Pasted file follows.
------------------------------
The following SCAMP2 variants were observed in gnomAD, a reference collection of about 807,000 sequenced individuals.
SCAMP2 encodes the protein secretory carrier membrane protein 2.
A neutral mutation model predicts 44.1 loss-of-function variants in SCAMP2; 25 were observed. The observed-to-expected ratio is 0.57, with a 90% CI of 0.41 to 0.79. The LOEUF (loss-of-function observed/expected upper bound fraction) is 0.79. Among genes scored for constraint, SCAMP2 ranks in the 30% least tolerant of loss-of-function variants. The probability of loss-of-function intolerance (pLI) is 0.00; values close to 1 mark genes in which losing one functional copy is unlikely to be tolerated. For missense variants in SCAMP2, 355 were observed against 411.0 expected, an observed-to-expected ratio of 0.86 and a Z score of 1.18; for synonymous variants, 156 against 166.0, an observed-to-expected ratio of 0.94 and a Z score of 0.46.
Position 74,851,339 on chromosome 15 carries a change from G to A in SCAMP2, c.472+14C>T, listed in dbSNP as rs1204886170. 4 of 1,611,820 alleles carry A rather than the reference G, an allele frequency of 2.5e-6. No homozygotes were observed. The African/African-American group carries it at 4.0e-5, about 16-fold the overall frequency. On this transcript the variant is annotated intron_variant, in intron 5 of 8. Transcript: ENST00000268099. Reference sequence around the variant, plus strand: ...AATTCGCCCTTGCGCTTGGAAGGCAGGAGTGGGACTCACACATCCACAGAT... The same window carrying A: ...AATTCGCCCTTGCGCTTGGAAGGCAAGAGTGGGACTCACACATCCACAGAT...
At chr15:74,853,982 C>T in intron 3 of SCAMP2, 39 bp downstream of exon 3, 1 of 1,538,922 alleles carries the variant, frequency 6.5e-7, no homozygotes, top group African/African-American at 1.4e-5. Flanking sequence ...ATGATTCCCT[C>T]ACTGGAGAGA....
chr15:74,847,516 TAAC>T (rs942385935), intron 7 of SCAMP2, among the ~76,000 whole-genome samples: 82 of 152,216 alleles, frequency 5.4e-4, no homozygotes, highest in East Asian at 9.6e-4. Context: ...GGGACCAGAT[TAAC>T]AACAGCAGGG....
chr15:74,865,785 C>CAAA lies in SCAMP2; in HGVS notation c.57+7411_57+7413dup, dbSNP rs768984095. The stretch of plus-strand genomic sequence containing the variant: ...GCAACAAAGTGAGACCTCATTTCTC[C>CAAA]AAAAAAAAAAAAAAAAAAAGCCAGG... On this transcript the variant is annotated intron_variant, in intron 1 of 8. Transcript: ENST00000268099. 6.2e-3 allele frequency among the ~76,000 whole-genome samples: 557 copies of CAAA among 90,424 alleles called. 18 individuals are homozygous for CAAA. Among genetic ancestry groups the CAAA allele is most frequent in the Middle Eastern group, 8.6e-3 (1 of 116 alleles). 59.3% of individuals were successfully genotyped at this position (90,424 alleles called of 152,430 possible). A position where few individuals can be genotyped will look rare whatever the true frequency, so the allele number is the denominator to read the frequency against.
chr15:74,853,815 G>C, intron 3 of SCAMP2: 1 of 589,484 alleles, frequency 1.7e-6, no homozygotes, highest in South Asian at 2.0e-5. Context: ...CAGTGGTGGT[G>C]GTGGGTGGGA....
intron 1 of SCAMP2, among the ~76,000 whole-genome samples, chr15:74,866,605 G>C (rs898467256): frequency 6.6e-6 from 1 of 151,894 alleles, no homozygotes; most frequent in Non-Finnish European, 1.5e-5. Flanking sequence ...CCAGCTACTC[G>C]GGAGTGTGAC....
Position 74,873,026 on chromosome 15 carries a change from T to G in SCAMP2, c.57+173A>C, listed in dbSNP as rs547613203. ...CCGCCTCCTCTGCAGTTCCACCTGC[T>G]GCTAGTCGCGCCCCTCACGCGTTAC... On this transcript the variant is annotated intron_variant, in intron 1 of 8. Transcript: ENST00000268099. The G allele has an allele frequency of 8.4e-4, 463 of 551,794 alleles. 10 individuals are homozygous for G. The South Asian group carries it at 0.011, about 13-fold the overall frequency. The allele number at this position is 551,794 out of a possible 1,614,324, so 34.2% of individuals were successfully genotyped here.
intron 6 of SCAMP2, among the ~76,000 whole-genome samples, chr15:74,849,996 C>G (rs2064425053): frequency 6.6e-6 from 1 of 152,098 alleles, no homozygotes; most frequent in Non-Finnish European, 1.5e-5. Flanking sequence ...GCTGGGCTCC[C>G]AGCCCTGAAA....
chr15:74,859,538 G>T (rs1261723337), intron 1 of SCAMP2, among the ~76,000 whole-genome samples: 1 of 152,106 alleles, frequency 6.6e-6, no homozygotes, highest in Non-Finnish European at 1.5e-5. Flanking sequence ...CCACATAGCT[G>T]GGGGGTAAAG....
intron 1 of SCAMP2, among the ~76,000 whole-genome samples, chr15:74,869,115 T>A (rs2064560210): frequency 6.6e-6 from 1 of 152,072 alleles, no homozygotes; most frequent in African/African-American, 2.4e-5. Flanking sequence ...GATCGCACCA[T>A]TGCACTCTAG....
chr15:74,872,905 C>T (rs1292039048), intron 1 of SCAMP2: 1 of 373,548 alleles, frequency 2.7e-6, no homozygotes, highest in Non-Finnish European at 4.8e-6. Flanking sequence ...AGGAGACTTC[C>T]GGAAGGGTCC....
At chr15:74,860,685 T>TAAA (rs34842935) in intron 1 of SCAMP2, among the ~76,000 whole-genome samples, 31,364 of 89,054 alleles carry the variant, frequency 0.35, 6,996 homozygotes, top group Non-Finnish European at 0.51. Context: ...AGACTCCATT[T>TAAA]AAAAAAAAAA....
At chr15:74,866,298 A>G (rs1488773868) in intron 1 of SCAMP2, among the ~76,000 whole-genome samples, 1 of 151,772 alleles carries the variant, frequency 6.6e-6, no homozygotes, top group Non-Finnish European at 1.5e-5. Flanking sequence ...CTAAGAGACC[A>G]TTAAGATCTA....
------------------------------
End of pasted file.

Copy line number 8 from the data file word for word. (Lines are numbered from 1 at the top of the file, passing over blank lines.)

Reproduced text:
chr15:74,853,815 G>C, intron 3 of SCAMP2: 1 of 589,484 alleles, frequency 1.7e-6, no homozygotes, highest in South Asian at 2.0e-5. Context: ...CAGTGGTGGT[G>C]GTGGGTGGGA....